By Tanisha Bowens
In 1983, President Ronald Reagan declared May 25 National Missing Children Day. The day is meant to highlight the importance of parents securing high-quality images of their children and to remind the broader public of the importance of amber alerts. Here at CLINIC, we see this day as an opportunity to highlight another group of children that gets lost in our society.
Every year, more than 15,000 immigrant children arrive in the United States, unaccompanied by an adult and placed in the custody of the Office of Refugee Resettlement. These children languish in need of legal and social services. Many are traumatized and scared about what will happen to them in government custody. CLINIC offers a helping hand to these children. Through its National Pro Bono Project for Children. CLINIC serves as a bridge to services that may otherwise be unavailable or unreachable to immigrant children in removal proceedings. We see an important need to serve this vulnerable population. We are guided by our own Catholic teaching which reminds us that children should be protected and assisted. Many of these immigrant children arrive in the United States alone, and the church and CLINIC provides essential assistance for reuniting these children with family.
CLINIC matches these immigrant children with pro bono attorneys who volunteer their time to be an advocate for them in the immigration courts. We also seek the assistance of volunteer interpreters and other individuals who can dedicate translation or interpretation skills or even driving a child to a court hearing or attorney’s office. Research has shown that pro bono assistance is critical for these children. Fifty-eight percent of unaccompanied children are released from detention if they have an attorney and 24 percent are released before their first hearing if they have the assistance of a pro bono lawyer.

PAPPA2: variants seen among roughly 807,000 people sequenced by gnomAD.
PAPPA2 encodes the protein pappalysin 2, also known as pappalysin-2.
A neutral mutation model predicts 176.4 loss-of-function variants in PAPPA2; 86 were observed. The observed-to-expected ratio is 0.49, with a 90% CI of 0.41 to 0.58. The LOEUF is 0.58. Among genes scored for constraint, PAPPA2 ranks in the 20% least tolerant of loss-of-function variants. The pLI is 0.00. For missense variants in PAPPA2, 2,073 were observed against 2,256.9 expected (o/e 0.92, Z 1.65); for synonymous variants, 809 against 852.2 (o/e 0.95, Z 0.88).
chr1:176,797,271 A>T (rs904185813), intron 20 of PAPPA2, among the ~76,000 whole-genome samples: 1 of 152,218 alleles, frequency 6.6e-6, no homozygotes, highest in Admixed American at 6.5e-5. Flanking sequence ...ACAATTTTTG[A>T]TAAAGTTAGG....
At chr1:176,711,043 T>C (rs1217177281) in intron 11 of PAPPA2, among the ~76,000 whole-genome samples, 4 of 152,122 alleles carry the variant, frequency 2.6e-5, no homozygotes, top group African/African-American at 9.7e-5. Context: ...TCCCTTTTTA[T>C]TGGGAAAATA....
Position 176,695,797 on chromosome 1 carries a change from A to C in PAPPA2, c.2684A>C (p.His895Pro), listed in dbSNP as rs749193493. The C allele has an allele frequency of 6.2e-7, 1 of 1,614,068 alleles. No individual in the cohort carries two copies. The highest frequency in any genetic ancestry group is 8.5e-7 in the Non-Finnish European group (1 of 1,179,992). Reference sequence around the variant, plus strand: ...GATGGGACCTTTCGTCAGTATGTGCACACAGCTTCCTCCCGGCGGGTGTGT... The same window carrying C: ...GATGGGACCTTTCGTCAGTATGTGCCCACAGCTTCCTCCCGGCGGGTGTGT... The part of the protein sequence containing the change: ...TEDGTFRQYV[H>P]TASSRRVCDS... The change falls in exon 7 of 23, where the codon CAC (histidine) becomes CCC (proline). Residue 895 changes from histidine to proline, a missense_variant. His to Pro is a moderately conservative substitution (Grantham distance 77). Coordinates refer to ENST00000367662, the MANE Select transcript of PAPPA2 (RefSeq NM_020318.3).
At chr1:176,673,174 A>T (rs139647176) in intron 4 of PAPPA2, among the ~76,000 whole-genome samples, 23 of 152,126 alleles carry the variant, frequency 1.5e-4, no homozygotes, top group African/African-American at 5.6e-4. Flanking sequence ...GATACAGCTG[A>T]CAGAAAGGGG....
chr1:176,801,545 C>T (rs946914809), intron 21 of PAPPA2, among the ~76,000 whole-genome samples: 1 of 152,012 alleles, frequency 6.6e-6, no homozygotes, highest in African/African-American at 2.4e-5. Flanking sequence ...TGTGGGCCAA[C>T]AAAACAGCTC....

As we remember the vulnerability of children, we want to offer opportunities for making a difference. CLINIC welcomes volunteers for the National Pro Bono Project for Children as interpreters and for those who can provide legal assistance. We also want people to spread the word so that as many children as possible can be helped.
To volunteer with the National Pro Bono Project for Children, complete this form
To sign up to be a pro bono attorney, click here.
Tanisha is the Senior Project Coordinator for the National Pro Bono Project for Children.